Shichi Go San - Japanese Festival
What is the significance of 7, 5 and 3 for a Japanese festival and where did the tradition come from?
Although kimonos can be seen occasionally in Japan, most people now adopt Western dress. But, on a couple of special festival days each year, brightly coloured traditional dress can be seen. One of these festivals is the Shichi go san Festival for children. While it is actually supposed to be celebrated on November 15th, this is not an official holiday so many parents instead now combine it with Culture Day on November 3rd, which is. Alternatively, they visit the shrine on a weekend near to that date.
'shichi-go-san" literally means "7-5-3' and the festival is called this because it is especially for children aged 7, 5 and 3. Girls aged 7 and 3 and boys aged 5 and 3, dress in their finest formal clothing and are taken to a Shinto shrine to give thanks for their health and pray for their continued growth and wellbeing. The girls' kimonos are brightly coloured with long draping sleeves and their hair is coiffed and decorated with cloth flowers and dangling decorations. They have probably spent most of the morning being fussed over in the beauty parlour. The boys wear 'haori' jackets and 'hakama' or formal skirt-like trousers. Nowadays, formal western dress such as party dresses and suits are also commonly seen. Many photographs are taken and usually some professional ones are too before everyone can enjoy a party to celebrate the event.
The Shinto priest at the shrine performs a purification ceremony and then children are give shitose ame (thousand year old candy) in special paper, coloured bags which is very much like English rock candy except red and white, the colours of luck and celebration. The bags are decorated with cranes and turtles to symbolise the parents' wish for long life for their child.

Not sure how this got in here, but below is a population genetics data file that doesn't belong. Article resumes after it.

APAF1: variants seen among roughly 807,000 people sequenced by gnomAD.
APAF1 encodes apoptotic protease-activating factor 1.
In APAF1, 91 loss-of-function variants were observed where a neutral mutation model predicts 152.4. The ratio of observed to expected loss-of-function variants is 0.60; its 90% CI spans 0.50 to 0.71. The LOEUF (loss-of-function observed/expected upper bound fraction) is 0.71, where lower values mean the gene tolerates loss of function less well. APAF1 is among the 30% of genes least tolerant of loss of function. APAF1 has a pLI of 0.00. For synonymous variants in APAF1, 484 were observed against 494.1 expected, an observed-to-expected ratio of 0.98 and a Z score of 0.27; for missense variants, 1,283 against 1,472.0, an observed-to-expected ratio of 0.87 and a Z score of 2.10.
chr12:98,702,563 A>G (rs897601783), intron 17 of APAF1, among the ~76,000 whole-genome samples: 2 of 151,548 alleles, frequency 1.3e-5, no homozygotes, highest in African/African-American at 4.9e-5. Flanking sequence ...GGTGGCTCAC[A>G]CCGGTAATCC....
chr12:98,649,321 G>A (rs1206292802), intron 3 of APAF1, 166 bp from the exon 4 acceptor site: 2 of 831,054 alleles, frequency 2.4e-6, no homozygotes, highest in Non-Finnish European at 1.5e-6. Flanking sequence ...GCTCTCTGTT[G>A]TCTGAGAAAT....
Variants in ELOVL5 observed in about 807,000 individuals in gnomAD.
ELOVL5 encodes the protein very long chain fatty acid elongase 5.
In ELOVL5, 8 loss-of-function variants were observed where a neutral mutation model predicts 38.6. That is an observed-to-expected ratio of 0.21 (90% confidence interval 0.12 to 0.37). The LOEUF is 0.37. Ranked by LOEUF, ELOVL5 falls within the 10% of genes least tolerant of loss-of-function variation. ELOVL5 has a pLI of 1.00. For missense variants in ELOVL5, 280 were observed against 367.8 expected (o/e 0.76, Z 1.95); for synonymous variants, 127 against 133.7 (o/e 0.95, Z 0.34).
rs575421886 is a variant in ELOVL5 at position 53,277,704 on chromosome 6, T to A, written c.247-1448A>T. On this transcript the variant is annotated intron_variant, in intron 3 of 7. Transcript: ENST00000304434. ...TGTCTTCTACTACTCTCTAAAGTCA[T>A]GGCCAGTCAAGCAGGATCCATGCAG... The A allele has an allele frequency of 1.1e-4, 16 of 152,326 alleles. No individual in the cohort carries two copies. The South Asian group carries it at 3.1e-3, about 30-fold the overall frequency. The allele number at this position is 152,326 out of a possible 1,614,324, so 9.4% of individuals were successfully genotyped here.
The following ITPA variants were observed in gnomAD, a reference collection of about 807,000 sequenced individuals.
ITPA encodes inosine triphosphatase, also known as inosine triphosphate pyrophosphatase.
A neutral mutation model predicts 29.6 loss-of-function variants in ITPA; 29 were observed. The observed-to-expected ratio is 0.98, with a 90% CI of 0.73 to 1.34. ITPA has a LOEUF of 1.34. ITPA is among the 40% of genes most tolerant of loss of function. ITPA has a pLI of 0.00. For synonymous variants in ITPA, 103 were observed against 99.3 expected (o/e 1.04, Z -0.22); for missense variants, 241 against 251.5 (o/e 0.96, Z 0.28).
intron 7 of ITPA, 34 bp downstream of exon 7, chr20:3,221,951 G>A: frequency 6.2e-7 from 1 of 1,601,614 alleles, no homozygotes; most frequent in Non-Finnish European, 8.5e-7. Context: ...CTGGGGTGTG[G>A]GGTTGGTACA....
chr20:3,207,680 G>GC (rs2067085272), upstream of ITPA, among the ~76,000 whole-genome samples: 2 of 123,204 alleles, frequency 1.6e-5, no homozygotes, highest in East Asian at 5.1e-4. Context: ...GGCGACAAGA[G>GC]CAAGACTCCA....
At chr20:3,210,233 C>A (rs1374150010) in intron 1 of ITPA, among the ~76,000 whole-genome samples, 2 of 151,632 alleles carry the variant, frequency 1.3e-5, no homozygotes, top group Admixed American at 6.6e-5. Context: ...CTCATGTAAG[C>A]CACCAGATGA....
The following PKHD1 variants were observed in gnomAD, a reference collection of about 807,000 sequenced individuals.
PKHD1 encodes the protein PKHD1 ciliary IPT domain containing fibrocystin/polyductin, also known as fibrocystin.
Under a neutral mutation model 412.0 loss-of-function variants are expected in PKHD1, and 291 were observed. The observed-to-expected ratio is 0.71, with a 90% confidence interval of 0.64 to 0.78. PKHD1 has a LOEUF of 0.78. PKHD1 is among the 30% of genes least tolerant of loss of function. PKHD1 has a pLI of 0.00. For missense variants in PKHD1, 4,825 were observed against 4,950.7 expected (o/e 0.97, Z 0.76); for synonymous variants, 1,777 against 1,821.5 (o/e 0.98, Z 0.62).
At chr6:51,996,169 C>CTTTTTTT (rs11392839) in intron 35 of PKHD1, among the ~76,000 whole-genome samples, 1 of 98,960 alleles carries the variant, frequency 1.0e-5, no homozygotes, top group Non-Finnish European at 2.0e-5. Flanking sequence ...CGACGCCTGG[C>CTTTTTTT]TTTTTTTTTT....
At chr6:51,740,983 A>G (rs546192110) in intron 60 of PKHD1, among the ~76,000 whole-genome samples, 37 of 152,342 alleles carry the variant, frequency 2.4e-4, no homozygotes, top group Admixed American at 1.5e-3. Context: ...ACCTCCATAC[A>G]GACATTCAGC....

It is said that Shichi Go San is actually a combination of three festivals from the Samurai times, hence the triple name. At 3, both boys and girls stopped having their heads shaved and were allowed to grow it long. At 5, boys wore hakama (pleated trousers) for the first time. And at 7, girls began to wear an obi (proper sash on the kimono) instead of a cord belt.
In the 1600s, the practice of visiting a shrine on each of these occasions to pray for the health of children aged 3, 5 and 7 was adopted by the general populace. At that, the visit was still to celebrate the Samurai traditions. It wasn't until over 200 years later that the traditions currently used were put into place. At that time, the precise date of November 15th was chosen as being a lucky day according to the Japanese calendar.
For a visitor to Japan, the spectacle of hundreds or thousands of tiny children dressed in pinks and oranges and reds has to be seen to be believed. The biggest and most popular shrine is Hie Shrine in Tokyo that has over 2000 families visit it each year for Shichi go san. Parents are incredibly proud of their offspring on this day and, if you want to take photos, they are usually more than happy to oblige. The biggest problem is normally trying to decide which child looks the cutest!